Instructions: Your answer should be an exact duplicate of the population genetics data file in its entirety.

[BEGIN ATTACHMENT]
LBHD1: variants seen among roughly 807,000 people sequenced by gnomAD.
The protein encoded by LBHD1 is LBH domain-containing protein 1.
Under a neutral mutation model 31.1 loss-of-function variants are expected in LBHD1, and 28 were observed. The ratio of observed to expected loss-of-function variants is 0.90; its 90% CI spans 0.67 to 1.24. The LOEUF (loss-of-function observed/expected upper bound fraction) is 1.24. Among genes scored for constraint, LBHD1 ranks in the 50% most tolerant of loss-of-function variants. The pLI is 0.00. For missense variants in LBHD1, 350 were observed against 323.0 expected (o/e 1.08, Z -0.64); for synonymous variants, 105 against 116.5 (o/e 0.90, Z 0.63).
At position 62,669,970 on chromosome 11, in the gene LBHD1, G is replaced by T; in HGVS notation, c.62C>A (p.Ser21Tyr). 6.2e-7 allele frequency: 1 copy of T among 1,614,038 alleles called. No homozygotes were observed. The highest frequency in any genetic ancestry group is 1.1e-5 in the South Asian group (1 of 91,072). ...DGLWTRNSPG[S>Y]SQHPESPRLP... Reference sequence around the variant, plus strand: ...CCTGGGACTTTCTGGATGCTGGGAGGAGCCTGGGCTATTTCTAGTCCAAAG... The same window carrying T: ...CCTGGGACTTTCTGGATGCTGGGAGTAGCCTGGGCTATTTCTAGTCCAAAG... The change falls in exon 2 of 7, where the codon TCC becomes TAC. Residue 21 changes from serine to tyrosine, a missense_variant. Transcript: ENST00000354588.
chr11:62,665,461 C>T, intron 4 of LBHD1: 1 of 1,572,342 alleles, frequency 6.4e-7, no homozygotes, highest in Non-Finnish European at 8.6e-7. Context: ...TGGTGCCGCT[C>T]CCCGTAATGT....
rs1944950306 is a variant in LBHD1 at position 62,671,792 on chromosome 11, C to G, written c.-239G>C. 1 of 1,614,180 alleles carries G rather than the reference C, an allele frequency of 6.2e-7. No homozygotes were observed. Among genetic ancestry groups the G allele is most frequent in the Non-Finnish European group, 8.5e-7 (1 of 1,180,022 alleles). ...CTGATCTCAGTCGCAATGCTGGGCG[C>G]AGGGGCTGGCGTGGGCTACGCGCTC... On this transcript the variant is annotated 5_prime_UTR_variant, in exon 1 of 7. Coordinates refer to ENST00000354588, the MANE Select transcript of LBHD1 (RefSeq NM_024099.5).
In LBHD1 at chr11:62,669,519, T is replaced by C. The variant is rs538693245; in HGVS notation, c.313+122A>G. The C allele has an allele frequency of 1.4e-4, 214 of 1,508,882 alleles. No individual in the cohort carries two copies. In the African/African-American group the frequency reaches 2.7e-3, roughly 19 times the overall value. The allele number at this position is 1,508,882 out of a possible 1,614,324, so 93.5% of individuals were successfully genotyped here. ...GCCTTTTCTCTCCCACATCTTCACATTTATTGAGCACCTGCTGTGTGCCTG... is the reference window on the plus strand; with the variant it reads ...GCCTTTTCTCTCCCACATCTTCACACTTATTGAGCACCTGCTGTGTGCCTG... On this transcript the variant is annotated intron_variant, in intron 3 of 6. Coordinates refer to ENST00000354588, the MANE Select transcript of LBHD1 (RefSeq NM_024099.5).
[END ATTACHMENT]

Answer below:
LBHD1: variants seen among roughly 807,000 people sequenced by gnomAD.
The protein encoded by LBHD1 is LBH domain-containing protein 1.
Under a neutral mutation model 31.1 loss-of-function variants are expected in LBHD1, and 28 were observed. The ratio of observed to expected loss-of-function variants is 0.90; its 90% CI spans 0.67 to 1.24. The LOEUF (loss-of-function observed/expected upper bound fraction) is 1.24. Among genes scored for constraint, LBHD1 ranks in the 50% most tolerant of loss-of-function variants. The pLI is 0.00. For missense variants in LBHD1, 350 were observed against 323.0 expected (o/e 1.08, Z -0.64); for synonymous variants, 105 against 116.5 (o/e 0.90, Z 0.63).
At position 62,669,970 on chromosome 11, in the gene LBHD1, G is replaced by T; in HGVS notation, c.62C>A (p.Ser21Tyr). 6.2e-7 allele frequency: 1 copy of T among 1,614,038 alleles called. No homozygotes were observed. The highest frequency in any genetic ancestry group is 1.1e-5 in the South Asian group (1 of 91,072). ...DGLWTRNSPG[S>Y]SQHPESPRLP... Reference sequence around the variant, plus strand: ...CCTGGGACTTTCTGGATGCTGGGAGGAGCCTGGGCTATTTCTAGTCCAAAG... The same window carrying T: ...CCTGGGACTTTCTGGATGCTGGGAGTAGCCTGGGCTATTTCTAGTCCAAAG... The change falls in exon 2 of 7, where the codon TCC becomes TAC. Residue 21 changes from serine to tyrosine, a missense_variant. Transcript: ENST00000354588.
chr11:62,665,461 C>T, intron 4 of LBHD1: 1 of 1,572,342 alleles, frequency 6.4e-7, no homozygotes, highest in Non-Finnish European at 8.6e-7. Context: ...TGGTGCCGCT[C>T]CCCGTAATGT....
rs1944950306 is a variant in LBHD1 at position 62,671,792 on chromosome 11, C to G, written c.-239G>C. 1 of 1,614,180 alleles carries G rather than the reference C, an allele frequency of 6.2e-7. No homozygotes were observed. Among genetic ancestry groups the G allele is most frequent in the Non-Finnish European group, 8.5e-7 (1 of 1,180,022 alleles). ...CTGATCTCAGTCGCAATGCTGGGCG[C>G]AGGGGCTGGCGTGGGCTACGCGCTC... On this transcript the variant is annotated 5_prime_UTR_variant, in exon 1 of 7. Coordinates refer to ENST00000354588, the MANE Select transcript of LBHD1 (RefSeq NM_024099.5).
In LBHD1 at chr11:62,669,519, T is replaced by C. The variant is rs538693245; in HGVS notation, c.313+122A>G. The C allele has an allele frequency of 1.4e-4, 214 of 1,508,882 alleles. No individual in the cohort carries two copies. In the African/African-American group the frequency reaches 2.7e-3, roughly 19 times the overall value. The allele number at this position is 1,508,882 out of a possible 1,614,324, so 93.5% of individuals were successfully genotyped here. ...GCCTTTTCTCTCCCACATCTTCACATTTATTGAGCACCTGCTGTGTGCCTG... is the reference window on the plus strand; with the variant it reads ...GCCTTTTCTCTCCCACATCTTCACACTTATTGAGCACCTGCTGTGTGCCTG... On this transcript the variant is annotated intron_variant, in intron 3 of 6. Coordinates refer to ENST00000354588, the MANE Select transcript of LBHD1 (RefSeq NM_024099.5).